Veteran: We Must Protect Standing Rock Protesters from Police Violence

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Nov. 29, 2016: A person walks through a snow storm at the Oceti Sakowin camp where people have gathered to protest the Dakota Access oil pipeline in Cannon Ball, N.D.
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On Sunday, snowy encampments along the route of the Dakota Access Pipeline will welcome new visitors. An estimated 2,000 veterans, including Hawaiian Congresswoman and veteran Tulsi Gabbard, will arrive in North Dakota to stand alongside the protesters who have been fighting the construction of the $3.8 billion oil pipeline for months.

Their timing is crucial. Monday is the date that North Dakota Governor Jack Dalrymple has set for a mandatory evacuation of the site. Anyone who remains could be prosecuted for trespassing. The Takeaway reached out to both the governor's office and the U.S. Army Corps of Engineers to invite them on the program, but have received no word back.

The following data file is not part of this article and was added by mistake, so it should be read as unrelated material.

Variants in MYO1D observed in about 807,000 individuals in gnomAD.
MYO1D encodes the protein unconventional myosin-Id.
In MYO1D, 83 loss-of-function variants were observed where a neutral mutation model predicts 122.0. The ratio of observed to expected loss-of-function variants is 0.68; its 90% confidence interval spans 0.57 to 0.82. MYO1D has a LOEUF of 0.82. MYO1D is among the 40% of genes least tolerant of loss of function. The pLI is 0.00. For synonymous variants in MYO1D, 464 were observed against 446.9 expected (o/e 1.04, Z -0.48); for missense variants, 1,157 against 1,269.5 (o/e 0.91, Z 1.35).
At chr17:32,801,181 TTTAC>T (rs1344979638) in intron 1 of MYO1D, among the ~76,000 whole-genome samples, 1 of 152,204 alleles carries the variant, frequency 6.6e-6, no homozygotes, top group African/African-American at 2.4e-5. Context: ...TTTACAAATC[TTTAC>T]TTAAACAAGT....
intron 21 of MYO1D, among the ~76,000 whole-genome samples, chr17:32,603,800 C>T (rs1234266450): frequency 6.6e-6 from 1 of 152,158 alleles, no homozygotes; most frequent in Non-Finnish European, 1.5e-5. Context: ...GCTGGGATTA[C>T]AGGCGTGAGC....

Michael Wood Jr. is among the veterans leading their plan of support, organized through the group Veterans Stand for Standing Rock. He is a former Marine Corps sergeant and retired Baltimore City Police sergeant, and he believes that the Standing Rock protests represent the grievances of many groups across the country, bound by one common cause.